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Child Therapy – That’s Child’s Play


Remember, Play Therapy is not simply play. It needs a trained therapist who can create a safe and secure environment and promote beneficial, therapeutic interactions.


We all know children like to play, but many people are not aware of how important and meaningful play is. Psychologists often use Play Therapy as a safe, non-threatening way to help children cope with their emotions, engage in positive social interactions or recover from traumatic experiences.


“You can discover more about a person in an hour of play than in a year of conversation.”
Plato (429-347 B.C.)



So what happens?
A trained therapist works with the child, and simply put, they play together. Toys are used to help the child express their emotions. In this safe enironment the child is supported to develop healthier behaviours.



What type of play is used?
Different toys are used including dolls and a dolls’ house, puppets, stuffed toys, dress-up clothes and props, art supplies, blocks or sports equipment.
At first the play will be open-ended. The child is allowed to play in any way that does not cause harm to people or things.
Later, the therapist will direct the play and deal with specific issues, encouraging the child to join in certain activities or use selected toys.



So how does Play Therapy help children improve their behaviour and feel better?


In fact, Play Therapy helps children in many ways, including:


  • Helping express emotions safely.
    When children express their feelings, they start to understand and manage these feelings.
  • Encouraging creative thinking and new ideas.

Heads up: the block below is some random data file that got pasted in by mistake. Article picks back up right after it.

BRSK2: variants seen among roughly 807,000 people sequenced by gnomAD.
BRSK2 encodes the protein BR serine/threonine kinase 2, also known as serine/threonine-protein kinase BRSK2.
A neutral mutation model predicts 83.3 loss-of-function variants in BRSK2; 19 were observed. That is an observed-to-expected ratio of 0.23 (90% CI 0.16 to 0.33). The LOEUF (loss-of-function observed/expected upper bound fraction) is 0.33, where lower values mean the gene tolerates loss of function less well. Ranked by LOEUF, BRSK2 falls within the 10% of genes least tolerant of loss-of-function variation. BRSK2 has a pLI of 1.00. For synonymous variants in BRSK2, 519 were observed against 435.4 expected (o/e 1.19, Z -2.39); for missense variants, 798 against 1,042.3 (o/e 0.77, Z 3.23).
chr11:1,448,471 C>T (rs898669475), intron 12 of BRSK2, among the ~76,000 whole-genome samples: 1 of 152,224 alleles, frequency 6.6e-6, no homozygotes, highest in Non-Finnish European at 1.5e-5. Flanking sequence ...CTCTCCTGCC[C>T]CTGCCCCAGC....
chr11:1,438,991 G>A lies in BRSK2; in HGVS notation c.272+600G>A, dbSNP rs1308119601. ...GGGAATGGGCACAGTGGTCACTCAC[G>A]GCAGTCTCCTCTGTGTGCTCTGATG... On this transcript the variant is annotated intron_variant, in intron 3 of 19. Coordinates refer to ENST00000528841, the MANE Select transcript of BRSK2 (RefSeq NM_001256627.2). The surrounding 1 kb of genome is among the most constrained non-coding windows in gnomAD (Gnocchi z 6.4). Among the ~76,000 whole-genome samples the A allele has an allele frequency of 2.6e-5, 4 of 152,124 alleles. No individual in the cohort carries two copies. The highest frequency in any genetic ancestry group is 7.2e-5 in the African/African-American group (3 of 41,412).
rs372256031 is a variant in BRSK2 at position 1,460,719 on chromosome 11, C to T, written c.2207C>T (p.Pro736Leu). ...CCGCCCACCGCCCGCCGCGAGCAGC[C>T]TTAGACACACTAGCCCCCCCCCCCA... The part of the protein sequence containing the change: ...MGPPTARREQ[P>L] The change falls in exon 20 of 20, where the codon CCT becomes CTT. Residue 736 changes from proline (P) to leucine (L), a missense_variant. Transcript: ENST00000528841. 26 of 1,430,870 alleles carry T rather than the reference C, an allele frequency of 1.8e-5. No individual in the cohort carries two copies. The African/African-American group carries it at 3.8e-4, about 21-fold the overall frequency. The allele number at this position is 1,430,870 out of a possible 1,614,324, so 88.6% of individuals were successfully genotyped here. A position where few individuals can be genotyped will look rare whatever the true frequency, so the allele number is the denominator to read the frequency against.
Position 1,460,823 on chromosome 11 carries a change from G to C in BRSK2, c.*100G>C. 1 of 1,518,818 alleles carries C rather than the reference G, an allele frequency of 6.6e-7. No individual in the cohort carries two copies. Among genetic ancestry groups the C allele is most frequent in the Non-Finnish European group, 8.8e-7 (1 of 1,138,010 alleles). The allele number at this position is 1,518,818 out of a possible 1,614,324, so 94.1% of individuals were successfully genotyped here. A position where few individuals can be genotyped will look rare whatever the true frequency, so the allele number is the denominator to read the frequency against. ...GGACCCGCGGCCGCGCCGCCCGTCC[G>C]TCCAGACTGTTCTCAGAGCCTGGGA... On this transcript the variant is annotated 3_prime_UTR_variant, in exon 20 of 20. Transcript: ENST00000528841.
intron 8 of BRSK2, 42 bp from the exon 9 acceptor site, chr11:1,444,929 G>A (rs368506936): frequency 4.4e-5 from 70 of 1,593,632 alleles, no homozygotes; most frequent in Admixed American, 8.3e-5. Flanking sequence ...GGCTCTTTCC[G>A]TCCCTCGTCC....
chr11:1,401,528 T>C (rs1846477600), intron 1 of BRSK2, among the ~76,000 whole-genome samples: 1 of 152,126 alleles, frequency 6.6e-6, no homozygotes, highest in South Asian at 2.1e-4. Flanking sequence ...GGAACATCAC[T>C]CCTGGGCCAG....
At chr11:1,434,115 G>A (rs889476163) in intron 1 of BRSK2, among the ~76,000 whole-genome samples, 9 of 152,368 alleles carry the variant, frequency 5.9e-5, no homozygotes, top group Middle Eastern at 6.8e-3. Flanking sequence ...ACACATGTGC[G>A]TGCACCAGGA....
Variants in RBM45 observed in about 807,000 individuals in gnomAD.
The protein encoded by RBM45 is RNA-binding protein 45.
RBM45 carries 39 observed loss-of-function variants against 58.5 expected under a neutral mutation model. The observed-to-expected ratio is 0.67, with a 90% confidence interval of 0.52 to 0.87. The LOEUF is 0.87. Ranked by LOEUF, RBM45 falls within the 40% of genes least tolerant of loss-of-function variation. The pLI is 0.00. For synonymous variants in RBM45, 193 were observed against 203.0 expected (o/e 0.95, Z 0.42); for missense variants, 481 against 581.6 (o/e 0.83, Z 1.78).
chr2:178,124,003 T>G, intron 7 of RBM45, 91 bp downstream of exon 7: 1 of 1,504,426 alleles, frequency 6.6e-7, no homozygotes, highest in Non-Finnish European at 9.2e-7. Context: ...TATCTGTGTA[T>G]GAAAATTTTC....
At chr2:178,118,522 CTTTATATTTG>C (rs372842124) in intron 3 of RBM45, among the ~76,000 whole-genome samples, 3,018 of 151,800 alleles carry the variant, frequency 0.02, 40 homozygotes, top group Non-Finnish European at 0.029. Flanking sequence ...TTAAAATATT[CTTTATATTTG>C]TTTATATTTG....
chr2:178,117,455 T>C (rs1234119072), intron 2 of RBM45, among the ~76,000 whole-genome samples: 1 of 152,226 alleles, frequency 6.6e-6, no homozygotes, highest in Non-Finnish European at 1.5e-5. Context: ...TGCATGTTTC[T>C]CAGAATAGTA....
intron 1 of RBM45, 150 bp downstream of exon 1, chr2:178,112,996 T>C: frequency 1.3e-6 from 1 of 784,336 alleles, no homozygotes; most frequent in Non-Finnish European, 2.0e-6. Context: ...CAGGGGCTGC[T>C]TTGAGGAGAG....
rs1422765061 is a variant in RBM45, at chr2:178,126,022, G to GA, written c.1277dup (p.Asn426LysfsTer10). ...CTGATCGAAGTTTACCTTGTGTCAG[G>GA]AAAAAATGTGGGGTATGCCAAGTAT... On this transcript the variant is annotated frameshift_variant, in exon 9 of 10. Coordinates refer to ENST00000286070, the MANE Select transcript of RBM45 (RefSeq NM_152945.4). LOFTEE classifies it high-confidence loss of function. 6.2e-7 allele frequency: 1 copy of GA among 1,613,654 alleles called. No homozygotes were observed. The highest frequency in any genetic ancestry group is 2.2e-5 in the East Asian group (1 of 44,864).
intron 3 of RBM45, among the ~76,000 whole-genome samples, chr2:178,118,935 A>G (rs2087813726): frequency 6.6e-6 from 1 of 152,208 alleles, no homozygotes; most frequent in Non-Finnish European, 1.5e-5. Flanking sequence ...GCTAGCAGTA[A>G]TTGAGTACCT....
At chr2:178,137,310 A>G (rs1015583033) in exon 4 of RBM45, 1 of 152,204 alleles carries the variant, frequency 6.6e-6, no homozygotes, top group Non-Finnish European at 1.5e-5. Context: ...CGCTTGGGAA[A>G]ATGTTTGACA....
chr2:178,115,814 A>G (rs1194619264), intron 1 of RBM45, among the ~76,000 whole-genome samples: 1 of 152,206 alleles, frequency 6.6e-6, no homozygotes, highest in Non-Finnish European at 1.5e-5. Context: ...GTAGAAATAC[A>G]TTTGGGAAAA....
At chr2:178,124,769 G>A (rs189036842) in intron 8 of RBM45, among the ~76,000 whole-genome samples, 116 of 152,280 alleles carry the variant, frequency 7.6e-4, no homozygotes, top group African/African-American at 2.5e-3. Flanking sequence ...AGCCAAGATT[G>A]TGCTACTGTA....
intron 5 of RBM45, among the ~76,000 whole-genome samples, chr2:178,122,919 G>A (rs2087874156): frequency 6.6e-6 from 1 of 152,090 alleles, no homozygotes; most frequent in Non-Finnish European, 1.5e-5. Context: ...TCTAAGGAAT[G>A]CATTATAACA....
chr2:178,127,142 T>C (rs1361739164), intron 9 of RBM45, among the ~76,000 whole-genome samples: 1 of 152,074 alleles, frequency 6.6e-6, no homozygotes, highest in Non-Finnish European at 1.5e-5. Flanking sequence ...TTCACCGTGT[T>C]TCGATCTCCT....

Children start to understand what is happening in their lives and solve or make sense of their problems. Children can also pretend to be different characters, which will help them develop empathy.
  • Developing decision-making skills.
    During Play Therapy, children can take control, make their own decisions and take responsibility for their actions. The therapist can deal with any inappropriate behaviour, set limits or consequences and help the child make the right choices.
  • Teaching new ways of thinking and behaving.
    The therapist will help the child understand difficulties they may be experiencing or correct misunderstandings. Skills like deep breathing or relaxation exercises may be taught to help manage uncomfortable or difficult feelings.
  • Developing communication skills.
    Children can express themselves with toys, allowing the therapist to understand the child’s needs and offer appropriate support.
  • Enabling healing after traumatic experiences.
    Stressful or traumatic experiences can cause behavioural or emotional problems for children. Expressing these feelings helps with self-healing. Children find it easier to share using imaginative play or role-play.



If you know a child who is experiencing stress or trauma, needs help expressing emotions or demonstrates inappropriate behaviour, call us on 1300 208 680.


Photo by Jenn-Evelyn-Ann (Unsplash)